After the meal came ballroom dancing etiquette and basic dance instruction. Standing on opposite sides of the room, the boys were expected to cross and graciously choose a partner. Girls were expected to accept the kind offer, no matter what their personal feelings were on the subject. It was a setup for unease in the extreme for most of the girls and it could not have been wonderful for most of the boys either. Inevitably, the best looking boys chose the prettiest girls at once, causing a kind of frenzied traffic jam wherever those girls stood. Then, as those girls were taken, things progressed through the remaining choices down to the wallflowers and the less attractive boys until all were matched up.
As I was quite short and immature looking, I knew I was not a prime choice. Sadly I waited, embarrassed as girl after girl was selected. I remember my horror at the moment in which there were the few boys left to make their choice, and I spotted an unnaturally tall and gangly individual with an unpleasant acne covered face look my way. He began to cross the large room in my direction, an Abraham Lincoln of a boy, his height far beyond his years and bodyweight and I averted my eyes hoping against hope that he was not coming for me. Ultimately, he arrived at my spot, and I was obliged to dance with the boy whose belt buckle was in closer proximity to my face than his head. I was mortified and felt sorry for him at the same time. He’d had not much choice but to choose me, and I’d had no choice but to accept this peculiar form of humiliation with as little visual dismay as I could muster.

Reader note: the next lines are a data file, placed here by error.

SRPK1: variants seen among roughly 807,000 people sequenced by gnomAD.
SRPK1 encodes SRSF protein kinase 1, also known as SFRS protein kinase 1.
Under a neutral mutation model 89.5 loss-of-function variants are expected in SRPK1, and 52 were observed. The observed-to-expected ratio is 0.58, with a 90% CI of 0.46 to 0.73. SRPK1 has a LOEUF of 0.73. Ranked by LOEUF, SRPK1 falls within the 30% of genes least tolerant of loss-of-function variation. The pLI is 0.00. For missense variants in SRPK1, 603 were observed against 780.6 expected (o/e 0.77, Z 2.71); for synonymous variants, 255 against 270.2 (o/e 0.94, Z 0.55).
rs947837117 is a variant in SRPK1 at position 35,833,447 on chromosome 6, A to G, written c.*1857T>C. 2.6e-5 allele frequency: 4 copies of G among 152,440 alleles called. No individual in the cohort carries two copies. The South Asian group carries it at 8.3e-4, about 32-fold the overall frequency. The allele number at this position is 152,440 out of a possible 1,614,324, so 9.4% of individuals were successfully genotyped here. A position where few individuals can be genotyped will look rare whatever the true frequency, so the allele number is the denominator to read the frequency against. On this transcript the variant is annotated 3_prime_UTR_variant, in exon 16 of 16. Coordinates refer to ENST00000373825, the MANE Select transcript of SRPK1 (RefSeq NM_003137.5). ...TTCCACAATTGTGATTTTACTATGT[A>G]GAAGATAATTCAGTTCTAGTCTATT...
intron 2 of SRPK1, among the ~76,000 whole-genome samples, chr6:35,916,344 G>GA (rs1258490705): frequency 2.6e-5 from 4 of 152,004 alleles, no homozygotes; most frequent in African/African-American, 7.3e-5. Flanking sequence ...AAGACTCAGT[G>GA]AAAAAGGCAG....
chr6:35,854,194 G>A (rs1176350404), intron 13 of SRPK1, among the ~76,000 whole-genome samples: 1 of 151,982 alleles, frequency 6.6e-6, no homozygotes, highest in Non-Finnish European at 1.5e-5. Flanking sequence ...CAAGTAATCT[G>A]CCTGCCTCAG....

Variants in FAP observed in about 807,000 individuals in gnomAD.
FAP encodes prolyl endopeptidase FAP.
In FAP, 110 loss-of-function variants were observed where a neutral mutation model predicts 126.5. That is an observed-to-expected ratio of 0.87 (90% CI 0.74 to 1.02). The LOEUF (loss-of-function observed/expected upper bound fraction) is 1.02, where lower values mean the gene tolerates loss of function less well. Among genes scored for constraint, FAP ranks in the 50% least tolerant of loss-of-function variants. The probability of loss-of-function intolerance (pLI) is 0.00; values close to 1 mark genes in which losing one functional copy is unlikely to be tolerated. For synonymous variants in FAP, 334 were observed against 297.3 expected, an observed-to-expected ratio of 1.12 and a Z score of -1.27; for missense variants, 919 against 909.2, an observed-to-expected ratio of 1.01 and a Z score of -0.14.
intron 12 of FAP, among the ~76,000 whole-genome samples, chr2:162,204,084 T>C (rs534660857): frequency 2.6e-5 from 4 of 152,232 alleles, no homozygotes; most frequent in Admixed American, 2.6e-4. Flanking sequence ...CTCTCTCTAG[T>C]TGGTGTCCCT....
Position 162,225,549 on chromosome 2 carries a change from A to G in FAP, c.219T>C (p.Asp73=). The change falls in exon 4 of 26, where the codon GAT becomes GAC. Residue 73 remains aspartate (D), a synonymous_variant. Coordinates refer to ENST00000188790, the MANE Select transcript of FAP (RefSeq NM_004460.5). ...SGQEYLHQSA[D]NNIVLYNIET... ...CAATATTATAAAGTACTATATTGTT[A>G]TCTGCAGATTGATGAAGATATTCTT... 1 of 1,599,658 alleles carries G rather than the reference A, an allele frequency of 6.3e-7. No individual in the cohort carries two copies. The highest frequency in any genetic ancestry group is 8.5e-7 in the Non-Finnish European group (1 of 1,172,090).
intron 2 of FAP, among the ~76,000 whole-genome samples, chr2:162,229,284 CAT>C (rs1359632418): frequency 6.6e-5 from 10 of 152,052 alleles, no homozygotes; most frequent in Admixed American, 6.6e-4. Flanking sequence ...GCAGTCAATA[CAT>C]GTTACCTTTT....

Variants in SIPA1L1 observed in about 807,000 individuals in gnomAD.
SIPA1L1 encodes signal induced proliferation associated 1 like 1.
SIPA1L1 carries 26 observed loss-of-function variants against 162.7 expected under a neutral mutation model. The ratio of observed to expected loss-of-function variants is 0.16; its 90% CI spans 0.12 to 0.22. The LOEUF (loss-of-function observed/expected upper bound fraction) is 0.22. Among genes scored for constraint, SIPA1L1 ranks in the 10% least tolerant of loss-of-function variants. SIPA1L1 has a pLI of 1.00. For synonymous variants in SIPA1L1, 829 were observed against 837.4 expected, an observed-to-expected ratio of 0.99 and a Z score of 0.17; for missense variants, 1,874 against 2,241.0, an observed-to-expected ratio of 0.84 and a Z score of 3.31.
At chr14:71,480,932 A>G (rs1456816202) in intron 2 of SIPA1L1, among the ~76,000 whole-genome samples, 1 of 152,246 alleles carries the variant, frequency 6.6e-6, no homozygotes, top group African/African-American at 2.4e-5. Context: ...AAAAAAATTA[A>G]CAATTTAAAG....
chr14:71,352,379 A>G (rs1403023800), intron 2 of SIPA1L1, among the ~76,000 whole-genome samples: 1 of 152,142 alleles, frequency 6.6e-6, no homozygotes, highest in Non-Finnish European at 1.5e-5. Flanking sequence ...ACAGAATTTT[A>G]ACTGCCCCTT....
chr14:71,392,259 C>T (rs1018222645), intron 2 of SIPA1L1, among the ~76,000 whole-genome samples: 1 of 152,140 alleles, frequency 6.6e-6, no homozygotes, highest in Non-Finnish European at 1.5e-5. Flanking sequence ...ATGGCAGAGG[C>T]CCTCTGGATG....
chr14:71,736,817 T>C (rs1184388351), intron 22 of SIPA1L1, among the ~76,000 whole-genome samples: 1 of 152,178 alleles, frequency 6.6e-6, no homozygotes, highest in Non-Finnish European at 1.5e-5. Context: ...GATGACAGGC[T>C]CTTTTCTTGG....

Once we all had partners, the instruction in various dances began. Our social education was not complete without a rudimentary understanding of the Cha-cha, Rhumba, Foxtrot and Waltz. The matron suddenly produced a suitable partner for herself and we all stood at pre-dance attention, one hand holding our partners hand aloft, the other either on our partner’s shoulder or around the waist, heads turned and waiting for instruction. When dancing together, boys and girls were expected to keep a goodly distance from each other’s bodies. “One, two, three. One two three. Ladies, step to the right.” We went through the motions looking like our partners were the source of some sort of unpleasantness, which was being mitigated by the gulf of air between us. This was just fine with me, as it was already awkward enough. The only sorry bright spot in the whole transaction was imagining how perhaps someday, I might dance with someone more attractive, and might then know what to do. I have no doubt he felt the same way.
Eventually and mercifully, the occasion would end, and the “young misses” and “masters” were released to the waiting cars outside. They dispersed, ushered back to nearby homes, their parents reassured of their children’s inevitable entrance into the revered and lofty social circles of Palm Beach’s upper crust.
These scenarios repeated themselves with varying but similar outcomes throughout the duration of Cotillion season until its blessed end. I can only suppose my own parents, having come from humble beginnings, thought this was some sort of opportunity for me. I will never know for sure. I never asked.